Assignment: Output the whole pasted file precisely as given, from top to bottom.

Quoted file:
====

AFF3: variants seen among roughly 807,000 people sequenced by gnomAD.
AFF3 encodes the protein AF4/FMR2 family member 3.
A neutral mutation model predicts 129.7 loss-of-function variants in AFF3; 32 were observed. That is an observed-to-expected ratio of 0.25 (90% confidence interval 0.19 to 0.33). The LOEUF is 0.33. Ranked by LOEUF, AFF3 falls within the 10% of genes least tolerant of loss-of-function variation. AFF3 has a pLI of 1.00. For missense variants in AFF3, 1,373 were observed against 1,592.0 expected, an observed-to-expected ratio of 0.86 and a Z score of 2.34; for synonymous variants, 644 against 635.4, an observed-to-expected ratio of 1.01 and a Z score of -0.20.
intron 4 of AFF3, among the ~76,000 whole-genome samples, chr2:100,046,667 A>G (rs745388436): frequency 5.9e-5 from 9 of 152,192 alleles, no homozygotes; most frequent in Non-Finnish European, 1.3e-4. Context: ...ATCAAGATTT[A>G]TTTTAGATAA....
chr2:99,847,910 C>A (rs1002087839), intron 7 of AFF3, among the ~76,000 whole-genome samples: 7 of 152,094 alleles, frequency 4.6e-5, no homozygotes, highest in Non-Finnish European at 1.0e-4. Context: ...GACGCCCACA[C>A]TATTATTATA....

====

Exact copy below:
AFF3: variants seen among roughly 807,000 people sequenced by gnomAD.
AFF3 encodes the protein AF4/FMR2 family member 3.
A neutral mutation model predicts 129.7 loss-of-function variants in AFF3; 32 were observed. That is an observed-to-expected ratio of 0.25 (90% confidence interval 0.19 to 0.33). The LOEUF is 0.33. Ranked by LOEUF, AFF3 falls within the 10% of genes least tolerant of loss-of-function variation. AFF3 has a pLI of 1.00. For missense variants in AFF3, 1,373 were observed against 1,592.0 expected, an observed-to-expected ratio of 0.86 and a Z score of 2.34; for synonymous variants, 644 against 635.4, an observed-to-expected ratio of 1.01 and a Z score of -0.20.
intron 4 of AFF3, among the ~76,000 whole-genome samples, chr2:100,046,667 A>G (rs745388436): frequency 5.9e-5 from 9 of 152,192 alleles, no homozygotes; most frequent in Non-Finnish European, 1.3e-4. Context: ...ATCAAGATTT[A>G]TTTTAGATAA....
chr2:99,847,910 C>A (rs1002087839), intron 7 of AFF3, among the ~76,000 whole-genome samples: 7 of 152,094 alleles, frequency 4.6e-5, no homozygotes, highest in Non-Finnish European at 1.0e-4. Context: ...GACGCCCACA[C>A]TATTATTATA....